The Groningen Institute for Evolutionary Life Sciences (GELIFES) is a research institute within the Faculty of Science and Engineering of the University of Groningen, located at the Linnaeusborg on the Zernike campus in the north of the city of Groningen. GELIFES fills a special niche in the field of life sciences that not only covers mechanistic, evolutionary and ecological approaches, but also specifically aims at the integration of these fields that are traditionally studied in isolation, which hampers a full understanding of fundamental biological processes. Evolution on a long time scale has shaped the regulatory mechanisms acting on short time scales that determine the potential and limitations of adaptive capacity. This is relevant for understanding the prevalence and treatment of diseases, including energetic and metabolic diseases, individual differences in aging and health that determine the scope for personalized medicine, as well as the adaptive capacity and maladaptation of organisms in modern commercial farming. In turn, the nature of these mechanisms determines the potential, direction, speed, and limitation of evolutionary change. This is important, e.g. for understanding speciation and changes in biodiversity, predicting effects of global change, and brain adaptations to cope with environmental challenges.
Integrating these approaches has the potential to provide a new foundation for the life sciences. Recent findings, such as adaptation by non-genetic inheritance, evolution taking place on much shorter time scales than previously thought, brain plasticity being much larger than previously assumed, and cascading adaptive responses in species interaction networks, request a much more integrative approach. After the genomics revolution, it is now time for an evolutionary life sciences revolution in which the key adaptive processes from genes to organisms to populations to ecosystems are fully integrated.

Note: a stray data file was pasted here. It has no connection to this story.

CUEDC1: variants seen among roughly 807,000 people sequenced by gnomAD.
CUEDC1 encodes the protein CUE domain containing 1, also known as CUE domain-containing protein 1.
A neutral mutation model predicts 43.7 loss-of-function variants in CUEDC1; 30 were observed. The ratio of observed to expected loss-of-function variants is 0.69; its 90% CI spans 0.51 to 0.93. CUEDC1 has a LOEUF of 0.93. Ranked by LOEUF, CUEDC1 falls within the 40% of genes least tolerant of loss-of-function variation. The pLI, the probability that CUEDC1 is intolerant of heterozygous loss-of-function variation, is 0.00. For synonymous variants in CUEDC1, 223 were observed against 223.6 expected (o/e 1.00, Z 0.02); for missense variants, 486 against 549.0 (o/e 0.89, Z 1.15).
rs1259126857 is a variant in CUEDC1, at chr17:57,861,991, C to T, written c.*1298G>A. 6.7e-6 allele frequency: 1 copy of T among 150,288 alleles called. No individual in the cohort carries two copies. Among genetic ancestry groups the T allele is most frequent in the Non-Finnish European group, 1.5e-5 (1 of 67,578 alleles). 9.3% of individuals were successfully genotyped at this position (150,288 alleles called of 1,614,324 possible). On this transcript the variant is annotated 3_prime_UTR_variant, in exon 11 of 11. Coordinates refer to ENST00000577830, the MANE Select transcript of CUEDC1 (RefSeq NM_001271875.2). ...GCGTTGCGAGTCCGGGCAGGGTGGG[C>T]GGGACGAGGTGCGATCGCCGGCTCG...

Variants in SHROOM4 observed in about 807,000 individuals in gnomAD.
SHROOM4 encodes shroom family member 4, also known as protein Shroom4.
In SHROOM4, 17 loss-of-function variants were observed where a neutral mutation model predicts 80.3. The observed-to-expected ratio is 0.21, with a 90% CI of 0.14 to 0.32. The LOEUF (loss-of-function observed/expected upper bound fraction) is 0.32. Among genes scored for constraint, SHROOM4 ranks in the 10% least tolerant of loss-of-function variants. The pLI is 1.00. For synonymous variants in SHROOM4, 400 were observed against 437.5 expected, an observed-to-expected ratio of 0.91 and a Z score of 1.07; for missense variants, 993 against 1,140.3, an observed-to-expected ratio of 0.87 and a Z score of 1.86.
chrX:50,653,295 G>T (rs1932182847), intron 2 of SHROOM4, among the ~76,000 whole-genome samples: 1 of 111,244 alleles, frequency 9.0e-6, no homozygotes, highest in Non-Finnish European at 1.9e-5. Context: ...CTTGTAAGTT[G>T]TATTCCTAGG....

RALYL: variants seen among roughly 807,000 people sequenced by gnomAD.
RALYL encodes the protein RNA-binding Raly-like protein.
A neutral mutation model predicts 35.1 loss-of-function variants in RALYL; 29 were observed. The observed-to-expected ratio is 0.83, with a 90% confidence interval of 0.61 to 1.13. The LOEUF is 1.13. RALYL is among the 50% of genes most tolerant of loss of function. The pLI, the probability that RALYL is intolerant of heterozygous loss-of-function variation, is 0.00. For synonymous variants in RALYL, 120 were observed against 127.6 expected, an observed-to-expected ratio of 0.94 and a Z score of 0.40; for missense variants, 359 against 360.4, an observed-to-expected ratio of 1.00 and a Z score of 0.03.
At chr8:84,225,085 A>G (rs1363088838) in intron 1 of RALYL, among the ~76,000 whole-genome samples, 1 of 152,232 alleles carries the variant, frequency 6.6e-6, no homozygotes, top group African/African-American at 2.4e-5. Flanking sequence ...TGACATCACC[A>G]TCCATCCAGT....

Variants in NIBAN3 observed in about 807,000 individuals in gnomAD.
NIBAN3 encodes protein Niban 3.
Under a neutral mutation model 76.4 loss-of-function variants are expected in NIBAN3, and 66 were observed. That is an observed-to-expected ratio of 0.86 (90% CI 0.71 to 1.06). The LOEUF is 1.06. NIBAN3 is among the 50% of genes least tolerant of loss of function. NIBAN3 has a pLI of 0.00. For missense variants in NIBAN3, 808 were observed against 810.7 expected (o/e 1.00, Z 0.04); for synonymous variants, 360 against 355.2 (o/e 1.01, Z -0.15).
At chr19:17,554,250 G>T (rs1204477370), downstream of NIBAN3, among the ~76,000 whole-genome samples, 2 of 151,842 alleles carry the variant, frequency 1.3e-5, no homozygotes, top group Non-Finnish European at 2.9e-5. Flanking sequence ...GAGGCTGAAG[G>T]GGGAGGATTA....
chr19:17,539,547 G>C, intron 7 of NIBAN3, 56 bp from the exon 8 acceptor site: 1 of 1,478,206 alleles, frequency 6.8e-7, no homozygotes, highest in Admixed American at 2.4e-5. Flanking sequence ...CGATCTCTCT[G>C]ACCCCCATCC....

The mission of the institute is to provide a better understanding of fundamental biological processes by integrating mechanistic and evolutionary approaches, both in our research, education and public outreach, and to contribute where possible to the solution of societal problems.
Research and expertise
As the ability to adjust to environmental, developmental or physiological changes is a key aspect of living systems, this adaptation is a key issue in our research. Our institute is the driving force of a large program called Adaptive Life, which is a priority area in the Faculty of Science and Engineering and recently received a financial boost by both the university and the faculty. Our research fields cover a wide array of expertise, ranging from neurobiology, physiology, genomics and behaviour to ecology and evolution, from molecular genetics, theoretical modeling and brain analyses to organismal and species interaction studies in semi-natural conditions and in the field. Studying mechanisms within an evolutionary and ecological framework requires the use of a large diversity of model organisms. Therefore we study a wide array of species, from microbes, algae, plants and insects to vertebrates such as fish, birds, rodents, marine mammals and humans.
We have state-of-the-art facilities for housing a wide array of animal species (over 150 aviaries, rodent gardens, aquarium house, etc) as well as a human isolation facility to study the biological clock, and climate chamber and greenhouse facilities that belong to the best in the world. The institute also has a wide array of molecular, sequencing, endocrinological, histological, metabolic and behavioural labs and owns a confocal microscope. Our outdoor facilities include experimental gardens, the field station “The Herdershut” on the Wadden Island of Schiermonnikoog (35 beds, a lecture room and a basic laboratory), the field station at the “Vosbergen” estate close to Groningen (small lecture room and basic lab), and permanent facilities (equipment, vehicles, etc.) at field stations in the Serengeti, Tanzania and Hluhluwe-iMfolozi, South Africa and at the Seychelles, Indian Ocean.
Based on our unique framework, we teach at all levels of the curriculum in the life sciences. We coordinate the majors in Brain and Behaviour, Ecology and Evolution, Marine Biology and Medical Biology. We coordinate the selective interdisciplinary research master Behavioural and Cognitive Neuroscience, and the top programme Evolutionary Biology (embedded in the master programme Ecology and Evolution) that is also offered as Erasmus Mundus Master Programme in Evolutionary Biology (MEME). At the PhD level, the institute coordinates the Research School Ecology and Evolution (RSEE) and participates in the interfaculty Research School for Behavioural and Cognitive Neurosciences (BCN).
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